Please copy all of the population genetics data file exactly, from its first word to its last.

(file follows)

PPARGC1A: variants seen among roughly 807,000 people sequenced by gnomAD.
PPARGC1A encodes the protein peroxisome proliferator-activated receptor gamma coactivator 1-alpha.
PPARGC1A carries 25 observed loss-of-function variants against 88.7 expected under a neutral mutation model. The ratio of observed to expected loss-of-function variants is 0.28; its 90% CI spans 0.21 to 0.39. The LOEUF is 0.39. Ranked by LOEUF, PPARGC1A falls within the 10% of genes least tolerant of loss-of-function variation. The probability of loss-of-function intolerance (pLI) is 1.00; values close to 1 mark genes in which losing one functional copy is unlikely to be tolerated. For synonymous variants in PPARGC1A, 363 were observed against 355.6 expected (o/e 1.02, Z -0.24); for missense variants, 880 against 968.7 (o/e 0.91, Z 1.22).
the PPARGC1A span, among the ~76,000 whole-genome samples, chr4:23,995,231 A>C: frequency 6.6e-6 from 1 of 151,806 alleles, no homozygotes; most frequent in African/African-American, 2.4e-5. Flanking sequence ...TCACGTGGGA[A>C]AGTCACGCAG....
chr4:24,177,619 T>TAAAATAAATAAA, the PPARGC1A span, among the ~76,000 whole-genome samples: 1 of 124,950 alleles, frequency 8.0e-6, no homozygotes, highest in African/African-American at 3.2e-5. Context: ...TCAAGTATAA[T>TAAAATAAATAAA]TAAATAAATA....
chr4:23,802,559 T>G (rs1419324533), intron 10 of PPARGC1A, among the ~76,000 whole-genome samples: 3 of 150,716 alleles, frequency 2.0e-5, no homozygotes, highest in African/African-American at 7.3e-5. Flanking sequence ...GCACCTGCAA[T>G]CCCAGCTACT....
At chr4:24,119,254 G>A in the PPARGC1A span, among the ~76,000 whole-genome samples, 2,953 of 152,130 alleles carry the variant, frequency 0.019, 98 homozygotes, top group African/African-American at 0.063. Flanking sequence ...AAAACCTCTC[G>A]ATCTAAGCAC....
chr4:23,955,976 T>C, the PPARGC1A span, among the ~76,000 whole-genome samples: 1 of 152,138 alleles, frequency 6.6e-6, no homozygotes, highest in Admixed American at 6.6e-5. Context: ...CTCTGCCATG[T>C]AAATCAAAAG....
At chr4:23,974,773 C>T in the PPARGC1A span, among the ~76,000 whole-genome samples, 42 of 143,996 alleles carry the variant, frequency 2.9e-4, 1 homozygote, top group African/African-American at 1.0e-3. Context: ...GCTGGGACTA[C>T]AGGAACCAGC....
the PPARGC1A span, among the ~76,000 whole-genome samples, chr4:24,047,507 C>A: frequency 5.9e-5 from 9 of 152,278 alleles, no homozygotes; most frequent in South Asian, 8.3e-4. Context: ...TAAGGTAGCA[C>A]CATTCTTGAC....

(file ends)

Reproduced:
PPARGC1A: variants seen among roughly 807,000 people sequenced by gnomAD.
PPARGC1A encodes the protein peroxisome proliferator-activated receptor gamma coactivator 1-alpha.
PPARGC1A carries 25 observed loss-of-function variants against 88.7 expected under a neutral mutation model. The ratio of observed to expected loss-of-function variants is 0.28; its 90% CI spans 0.21 to 0.39. The LOEUF is 0.39. Ranked by LOEUF, PPARGC1A falls within the 10% of genes least tolerant of loss-of-function variation. The probability of loss-of-function intolerance (pLI) is 1.00; values close to 1 mark genes in which losing one functional copy is unlikely to be tolerated. For synonymous variants in PPARGC1A, 363 were observed against 355.6 expected (o/e 1.02, Z -0.24); for missense variants, 880 against 968.7 (o/e 0.91, Z 1.22).
the PPARGC1A span, among the ~76,000 whole-genome samples, chr4:23,995,231 A>C: frequency 6.6e-6 from 1 of 151,806 alleles, no homozygotes; most frequent in African/African-American, 2.4e-5. Flanking sequence ...TCACGTGGGA[A>C]AGTCACGCAG....
chr4:24,177,619 T>TAAAATAAATAAA, the PPARGC1A span, among the ~76,000 whole-genome samples: 1 of 124,950 alleles, frequency 8.0e-6, no homozygotes, highest in African/African-American at 3.2e-5. Context: ...TCAAGTATAA[T>TAAAATAAATAAA]TAAATAAATA....
chr4:23,802,559 T>G (rs1419324533), intron 10 of PPARGC1A, among the ~76,000 whole-genome samples: 3 of 150,716 alleles, frequency 2.0e-5, no homozygotes, highest in African/African-American at 7.3e-5. Flanking sequence ...GCACCTGCAA[T>G]CCCAGCTACT....
At chr4:24,119,254 G>A in the PPARGC1A span, among the ~76,000 whole-genome samples, 2,953 of 152,130 alleles carry the variant, frequency 0.019, 98 homozygotes, top group African/African-American at 0.063. Flanking sequence ...AAAACCTCTC[G>A]ATCTAAGCAC....
chr4:23,955,976 T>C, the PPARGC1A span, among the ~76,000 whole-genome samples: 1 of 152,138 alleles, frequency 6.6e-6, no homozygotes, highest in Admixed American at 6.6e-5. Context: ...CTCTGCCATG[T>C]AAATCAAAAG....
At chr4:23,974,773 C>T in the PPARGC1A span, among the ~76,000 whole-genome samples, 42 of 143,996 alleles carry the variant, frequency 2.9e-4, 1 homozygote, top group African/African-American at 1.0e-3. Context: ...GCTGGGACTA[C>T]AGGAACCAGC....
the PPARGC1A span, among the ~76,000 whole-genome samples, chr4:24,047,507 C>A: frequency 5.9e-5 from 9 of 152,278 alleles, no homozygotes; most frequent in South Asian, 8.3e-4. Context: ...TAAGGTAGCA[C>A]CATTCTTGAC....